SELECT * FROM "package" AS "p1" INNER JOIN (
    SELECT "repo_id", "arch", "name", MAX("package"."id") AS "max_id" 
    FROM "package"
    GROUP BY "repo_id", "arch", "name"
) AS "p2" ON "p1"."id" = "p2"."max_id"
         WHERE "p1"."repo_id" = 1 AND "p1"."arch" IN ('x86_64', 'any') AND "p1"."state" <> 2

For each (repo, arch, name) tuple, we find the largest ID and select it, but only if its state is not 2, which means pending deletion. Knowing what old packages to remove is then a similar query to this, where we instead select all packages that are marked as pending deletion or whose ID is less than the currently committed package.

This design not only seamlessly supports any order of packages being added; it also paves the way for implementing repository mirroring down the line. This allows me to atomically update a repository, a feature that I’ll be using for the mirroring system. I’ll simply queue new packages and only regenerate the package archives once all packages have successfully synced to the server.

Simplifying things

During my development of the repository system, I realized how complex I was making some things. For example, repositories are grouped into distros, and this structure was also visible in the codebase. Each distro had its own “disto manager” that managed packages for that repository. However, this was a needless overcomplication, as distros are solely an aesthetic feature. Each repository has a unique ID in the database anyways, so this extra level of complexity was completely unnecessary.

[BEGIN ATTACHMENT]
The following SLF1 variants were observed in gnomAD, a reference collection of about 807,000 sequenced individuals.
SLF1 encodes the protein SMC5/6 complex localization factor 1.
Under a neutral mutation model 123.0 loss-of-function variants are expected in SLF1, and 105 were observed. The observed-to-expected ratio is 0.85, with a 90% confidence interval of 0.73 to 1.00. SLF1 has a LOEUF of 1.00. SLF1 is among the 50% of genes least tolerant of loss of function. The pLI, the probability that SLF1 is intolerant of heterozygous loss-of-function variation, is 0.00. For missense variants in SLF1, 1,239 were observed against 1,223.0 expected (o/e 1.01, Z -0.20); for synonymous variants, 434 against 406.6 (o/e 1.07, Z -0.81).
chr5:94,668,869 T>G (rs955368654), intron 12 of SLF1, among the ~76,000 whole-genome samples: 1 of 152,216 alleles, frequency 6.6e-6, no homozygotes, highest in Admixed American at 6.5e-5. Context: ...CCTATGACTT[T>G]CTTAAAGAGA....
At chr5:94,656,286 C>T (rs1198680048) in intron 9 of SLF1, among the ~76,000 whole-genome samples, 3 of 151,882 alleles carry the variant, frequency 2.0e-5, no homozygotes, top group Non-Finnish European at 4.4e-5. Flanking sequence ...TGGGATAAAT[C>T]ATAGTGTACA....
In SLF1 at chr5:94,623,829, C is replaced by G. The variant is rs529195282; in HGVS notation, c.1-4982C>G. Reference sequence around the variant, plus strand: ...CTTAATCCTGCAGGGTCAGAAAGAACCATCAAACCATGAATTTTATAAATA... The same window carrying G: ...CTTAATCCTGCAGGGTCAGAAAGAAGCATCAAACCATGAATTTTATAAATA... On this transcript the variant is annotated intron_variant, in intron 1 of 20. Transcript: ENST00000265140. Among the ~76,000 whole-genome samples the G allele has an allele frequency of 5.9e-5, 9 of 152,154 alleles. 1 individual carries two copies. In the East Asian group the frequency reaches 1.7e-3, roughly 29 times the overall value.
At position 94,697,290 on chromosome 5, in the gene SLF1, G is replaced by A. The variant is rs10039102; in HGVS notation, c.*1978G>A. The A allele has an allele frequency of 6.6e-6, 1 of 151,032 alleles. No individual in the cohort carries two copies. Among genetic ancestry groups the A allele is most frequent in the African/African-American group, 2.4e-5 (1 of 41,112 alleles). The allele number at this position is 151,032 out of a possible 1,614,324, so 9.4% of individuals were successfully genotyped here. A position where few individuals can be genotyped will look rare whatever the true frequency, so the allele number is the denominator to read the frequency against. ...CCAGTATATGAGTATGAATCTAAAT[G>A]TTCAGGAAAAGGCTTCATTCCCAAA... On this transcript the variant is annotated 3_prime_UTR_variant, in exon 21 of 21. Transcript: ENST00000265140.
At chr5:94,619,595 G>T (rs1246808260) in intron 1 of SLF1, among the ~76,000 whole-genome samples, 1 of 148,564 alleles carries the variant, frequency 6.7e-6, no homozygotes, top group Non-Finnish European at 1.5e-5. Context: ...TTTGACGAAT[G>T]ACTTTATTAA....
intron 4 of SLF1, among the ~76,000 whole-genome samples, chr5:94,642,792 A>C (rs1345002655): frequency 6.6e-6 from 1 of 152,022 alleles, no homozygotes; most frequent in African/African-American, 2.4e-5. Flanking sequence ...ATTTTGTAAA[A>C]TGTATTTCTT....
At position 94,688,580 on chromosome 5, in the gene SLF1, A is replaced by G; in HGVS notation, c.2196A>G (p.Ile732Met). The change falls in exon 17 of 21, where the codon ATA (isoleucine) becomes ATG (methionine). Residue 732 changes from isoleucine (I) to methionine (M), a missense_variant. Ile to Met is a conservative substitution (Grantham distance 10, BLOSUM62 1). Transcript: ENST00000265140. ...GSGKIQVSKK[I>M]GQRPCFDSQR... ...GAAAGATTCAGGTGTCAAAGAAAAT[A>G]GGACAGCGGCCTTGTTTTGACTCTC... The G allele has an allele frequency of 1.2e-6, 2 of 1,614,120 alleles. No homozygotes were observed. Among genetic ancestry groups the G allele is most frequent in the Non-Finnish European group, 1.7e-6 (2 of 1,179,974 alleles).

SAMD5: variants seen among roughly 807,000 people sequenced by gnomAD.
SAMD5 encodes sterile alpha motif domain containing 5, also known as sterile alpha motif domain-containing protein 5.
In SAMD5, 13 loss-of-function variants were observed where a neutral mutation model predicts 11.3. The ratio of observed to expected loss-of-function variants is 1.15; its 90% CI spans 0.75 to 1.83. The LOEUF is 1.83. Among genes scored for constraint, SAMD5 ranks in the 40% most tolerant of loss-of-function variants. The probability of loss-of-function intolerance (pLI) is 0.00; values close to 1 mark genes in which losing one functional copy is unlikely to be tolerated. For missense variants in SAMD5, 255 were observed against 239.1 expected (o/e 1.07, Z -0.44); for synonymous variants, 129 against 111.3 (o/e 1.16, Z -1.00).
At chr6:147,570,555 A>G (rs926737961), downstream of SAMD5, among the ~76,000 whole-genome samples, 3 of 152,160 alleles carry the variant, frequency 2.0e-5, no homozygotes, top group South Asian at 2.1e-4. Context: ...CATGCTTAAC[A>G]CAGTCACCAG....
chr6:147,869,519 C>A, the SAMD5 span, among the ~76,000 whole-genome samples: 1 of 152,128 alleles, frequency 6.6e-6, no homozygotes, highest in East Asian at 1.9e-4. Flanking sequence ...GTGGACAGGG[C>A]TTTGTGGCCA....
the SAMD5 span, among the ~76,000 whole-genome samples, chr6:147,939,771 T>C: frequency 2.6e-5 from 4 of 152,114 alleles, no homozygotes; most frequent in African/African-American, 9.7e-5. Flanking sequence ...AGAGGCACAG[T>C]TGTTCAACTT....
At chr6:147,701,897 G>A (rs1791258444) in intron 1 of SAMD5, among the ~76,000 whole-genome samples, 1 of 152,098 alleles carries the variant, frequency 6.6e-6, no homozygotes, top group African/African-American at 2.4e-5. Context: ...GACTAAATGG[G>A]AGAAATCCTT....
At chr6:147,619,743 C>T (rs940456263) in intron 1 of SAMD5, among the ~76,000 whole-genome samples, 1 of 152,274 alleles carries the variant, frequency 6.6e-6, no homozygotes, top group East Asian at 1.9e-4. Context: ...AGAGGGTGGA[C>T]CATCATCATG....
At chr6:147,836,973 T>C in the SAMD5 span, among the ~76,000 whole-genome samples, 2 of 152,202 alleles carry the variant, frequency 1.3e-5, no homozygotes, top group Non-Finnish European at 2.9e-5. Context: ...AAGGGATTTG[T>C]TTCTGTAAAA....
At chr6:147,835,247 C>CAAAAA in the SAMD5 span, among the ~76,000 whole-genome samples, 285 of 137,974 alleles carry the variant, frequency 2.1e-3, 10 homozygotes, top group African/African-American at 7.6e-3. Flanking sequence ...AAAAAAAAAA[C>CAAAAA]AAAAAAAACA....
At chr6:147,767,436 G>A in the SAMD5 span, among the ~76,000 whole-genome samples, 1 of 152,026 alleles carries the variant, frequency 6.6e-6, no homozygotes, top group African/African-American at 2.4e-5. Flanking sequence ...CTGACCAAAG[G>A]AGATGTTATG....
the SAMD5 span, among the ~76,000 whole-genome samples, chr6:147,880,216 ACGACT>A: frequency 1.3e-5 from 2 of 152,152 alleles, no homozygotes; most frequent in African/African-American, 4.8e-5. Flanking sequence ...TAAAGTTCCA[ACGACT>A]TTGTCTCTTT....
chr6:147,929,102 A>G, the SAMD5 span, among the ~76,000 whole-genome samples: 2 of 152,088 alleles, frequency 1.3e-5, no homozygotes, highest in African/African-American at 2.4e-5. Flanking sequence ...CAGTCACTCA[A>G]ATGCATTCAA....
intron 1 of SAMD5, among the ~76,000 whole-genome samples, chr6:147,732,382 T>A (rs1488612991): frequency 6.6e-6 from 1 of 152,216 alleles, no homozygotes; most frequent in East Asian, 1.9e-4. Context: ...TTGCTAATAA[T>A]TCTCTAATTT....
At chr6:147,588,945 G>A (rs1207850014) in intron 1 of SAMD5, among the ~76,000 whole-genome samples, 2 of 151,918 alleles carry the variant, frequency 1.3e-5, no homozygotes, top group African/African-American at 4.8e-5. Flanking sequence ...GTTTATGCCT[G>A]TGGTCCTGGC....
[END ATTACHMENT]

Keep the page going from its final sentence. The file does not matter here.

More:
Package organisation on disk is also still overly complex right now. Each repository has its own folder with its own packages, but this once again is an excessive layer as packages have unique IDs anyways. The database tracks which packages are part of which repositories, so I’ll switch to storing all packages next to each other instead. This might also pave the way for some cool features down the line, such as staging repositories.

I’ve been needlessly holding on to how I’ve done things with Vieter, while I can make completely new choices in Rieter. The file system for Rieter doesn’t need to resemble the Vieter file system at all, nor should it follow any notion of how Arch repositories usually look. If need be, I can add an export utility to convert the directory structure into a more classic layout, but I shouldn’t bother keeping it in mind while developing Rieter.


I switched configuration from environment variables and CLI arguments to a dedicated config file. The former would’ve been too simplistic for the later configuration options I’ll be adding, so I opted for a configuration file instead.

api_key = "test"
pkg_workers = 2
log_level = "rieterd=debug"

type = "local"
data_dir = "./data"

type = "postgres"
host = "localhost"
db = "rieter"
user = "rieter"
password = "rieter"

This will allow me a lot more flexibility in the future.

First release

There’s still some polish to be done, but I’m definitely nearing an initial 0.1 release for this project. I’m looking forward to announcing it!

As usual, thanks for reading, and having a nice day.